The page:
I spent this summer teaching an online class and visiting students who were working on their Internship requirements - talk about a contrast! The online class is "Landscape Estimating" and is all about how to determine costs, develop bids, understand how to manage costs to be competitive and how to operate professionally. Because there are no pre-requisites for it, I will often get a mix of students ranging from those who are well along in their program of study with us to those who just need 3 credits in a business class. So you can understand why I was pleased to get the following message from a graphic design major taking the class:
"This was a very educational project, and involved me getting out and doing things/talking to people I wouldn't have otherwise been in contact with. It was very enjoyable." She was referring to an assignment (one of 7 they must complete in 5 weeks) that requires the student to determine what it costs to operate equipment and vehicles. My response to her message? - a resounding "YES!" because all too often in this electronic technical age our students seem to avoid personal contact - they text and tweet and friend but good old fashioned conversation seems to be the last thing on their mind. Call me a dinosaur but nothing beats a face-to-face conversation. When you develop an online course you make every effort to find ways to engage the students in the subject, to force them to do more than just sit at a computer - and sometimes the first few efforts do not work so you rewrite and rework and try again the next semester - and it does feel good when you do - finally - get it right! (Others in the course expressed the same or similar feelings to me so I knew it wasn't an anomaly)
The Internship course is a completely different experience. All of our students must spend at least one semester completing their cooperative internship requirement - and this summer I served as Co-op supervisor. That meant I got to visit all of them on the job, meet their bosses, see what projects they were involved with - and it is always fun. The bosses love to show off as well and since our program has been around for 31 years we have placed students with most of the employers in the area (which covers about 10 counties in northern and central New Jersey) - and by now a good percentage of the employers are graduates of our program. While I was pleased with all of our placements this summer, one in particular will always stand out. A young man who came to us a little later than most (he's 27 and the father of a 10 year old son) has been in our program for the past year and proven himself to be an excellent student, highly motivated and hard working. As the year went on I learned about his son and about the two jobs he worked to make ends meet. We recommended him for a job with an outstanding County Park Commission to work at a botanical garden - one of the best in northern New Jersey. He was on the job 3 days when he emailed me to say " I LOVE this job! It's the best job I ever had and please come visit me soon so I can show you what I am doing!" I couldn't resist and instead of waiting a week or so as I usually do to allow the student to get settled in a position I went the next day (his fourth on the job). His boss cornered me as soon as I got out of my truck, shook my hand and said "Thank you for sending Qwamine to us! He is wonderful!" He directed me out into the garden where Qwamine was busy mucking weeds out of a pond. It had to be 95 degrees with 100% humidity and awful bugs around that pond - but there stood Qwamine, big grin on his face, loving every minute of it! I asked what he had learned so far - remember it was only his fourth day - and he started a list that went on and on - I think he had memorized every word they had said to him in those 3 and a half days. Talk about someone finding themselves - clearly this young man has!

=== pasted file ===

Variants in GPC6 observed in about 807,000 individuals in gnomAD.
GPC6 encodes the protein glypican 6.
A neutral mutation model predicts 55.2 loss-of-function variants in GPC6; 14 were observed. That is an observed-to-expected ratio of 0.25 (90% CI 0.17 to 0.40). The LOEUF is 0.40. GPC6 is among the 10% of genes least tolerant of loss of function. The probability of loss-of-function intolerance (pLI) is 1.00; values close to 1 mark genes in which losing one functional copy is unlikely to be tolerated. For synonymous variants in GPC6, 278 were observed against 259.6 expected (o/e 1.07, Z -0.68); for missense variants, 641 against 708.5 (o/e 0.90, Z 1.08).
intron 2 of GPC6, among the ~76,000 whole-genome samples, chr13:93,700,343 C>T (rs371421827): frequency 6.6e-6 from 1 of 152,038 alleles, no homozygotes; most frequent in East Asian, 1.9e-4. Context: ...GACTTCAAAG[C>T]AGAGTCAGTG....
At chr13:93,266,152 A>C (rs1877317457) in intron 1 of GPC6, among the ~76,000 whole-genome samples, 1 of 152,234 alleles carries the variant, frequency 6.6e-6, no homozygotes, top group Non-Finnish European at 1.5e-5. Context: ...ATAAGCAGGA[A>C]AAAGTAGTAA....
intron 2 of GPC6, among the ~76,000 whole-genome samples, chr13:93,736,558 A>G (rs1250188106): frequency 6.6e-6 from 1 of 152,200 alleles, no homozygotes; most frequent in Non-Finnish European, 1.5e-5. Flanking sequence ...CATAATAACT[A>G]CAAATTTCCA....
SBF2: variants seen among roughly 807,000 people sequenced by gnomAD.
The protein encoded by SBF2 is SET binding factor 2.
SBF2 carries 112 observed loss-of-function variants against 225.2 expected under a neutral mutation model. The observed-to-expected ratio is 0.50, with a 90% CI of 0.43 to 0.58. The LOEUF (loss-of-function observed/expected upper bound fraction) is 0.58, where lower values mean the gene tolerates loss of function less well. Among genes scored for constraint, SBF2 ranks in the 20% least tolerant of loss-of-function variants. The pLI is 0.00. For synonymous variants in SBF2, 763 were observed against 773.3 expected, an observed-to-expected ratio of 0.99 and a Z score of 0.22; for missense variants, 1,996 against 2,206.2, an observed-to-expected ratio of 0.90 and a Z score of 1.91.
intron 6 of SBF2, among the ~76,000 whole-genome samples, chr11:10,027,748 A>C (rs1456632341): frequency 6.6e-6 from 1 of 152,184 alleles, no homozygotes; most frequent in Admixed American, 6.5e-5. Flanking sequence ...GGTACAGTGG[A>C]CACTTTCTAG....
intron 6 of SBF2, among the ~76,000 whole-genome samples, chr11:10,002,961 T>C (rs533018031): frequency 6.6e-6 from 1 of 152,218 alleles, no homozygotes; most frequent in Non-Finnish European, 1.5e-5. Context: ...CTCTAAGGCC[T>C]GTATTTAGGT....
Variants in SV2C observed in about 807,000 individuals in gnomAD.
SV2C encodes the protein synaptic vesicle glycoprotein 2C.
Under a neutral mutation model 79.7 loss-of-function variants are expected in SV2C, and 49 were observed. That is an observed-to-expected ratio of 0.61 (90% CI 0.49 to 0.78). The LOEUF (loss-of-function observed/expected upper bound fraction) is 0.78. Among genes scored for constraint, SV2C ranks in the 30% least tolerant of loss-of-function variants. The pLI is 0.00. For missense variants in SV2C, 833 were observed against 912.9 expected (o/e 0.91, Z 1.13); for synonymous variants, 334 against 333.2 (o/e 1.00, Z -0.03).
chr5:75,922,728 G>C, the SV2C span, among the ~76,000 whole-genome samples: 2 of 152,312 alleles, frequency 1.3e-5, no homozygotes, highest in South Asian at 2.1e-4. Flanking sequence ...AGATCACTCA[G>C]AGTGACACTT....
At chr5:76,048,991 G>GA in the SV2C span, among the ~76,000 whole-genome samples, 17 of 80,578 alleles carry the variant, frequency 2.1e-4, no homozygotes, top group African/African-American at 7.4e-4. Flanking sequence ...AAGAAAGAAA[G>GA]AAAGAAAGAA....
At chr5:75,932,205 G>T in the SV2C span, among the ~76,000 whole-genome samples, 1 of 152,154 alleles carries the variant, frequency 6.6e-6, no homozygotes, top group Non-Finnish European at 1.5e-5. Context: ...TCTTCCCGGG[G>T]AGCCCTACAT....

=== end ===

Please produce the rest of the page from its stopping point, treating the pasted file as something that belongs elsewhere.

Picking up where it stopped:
These are the reasons we do what we do - the long hours, the travel to events, the early mornings and weekends spent in a greenhouse or barn, putting up with administrators who don't understand what we do, hopig our families do understand what we do - you all know what I mean. And just when we start to question what we do, along comes a student like Qwamine! If you are an experienced teacher you have had this exact same experience many times in your career - and if you are a new teacher - you will have it! As I look back on 34 years of teaching agriculture and ahead to a new adventure (a farm and "retirement") I can honestly say that its the Qwamines I remember - the good times and students who, whether they were straight "A's" or "C's" really found themselves - and maybe their success was due in some small way to some guidance I provided. Or maybe their success was due to me being smart enough to stay out of their way! Either way its been a great run!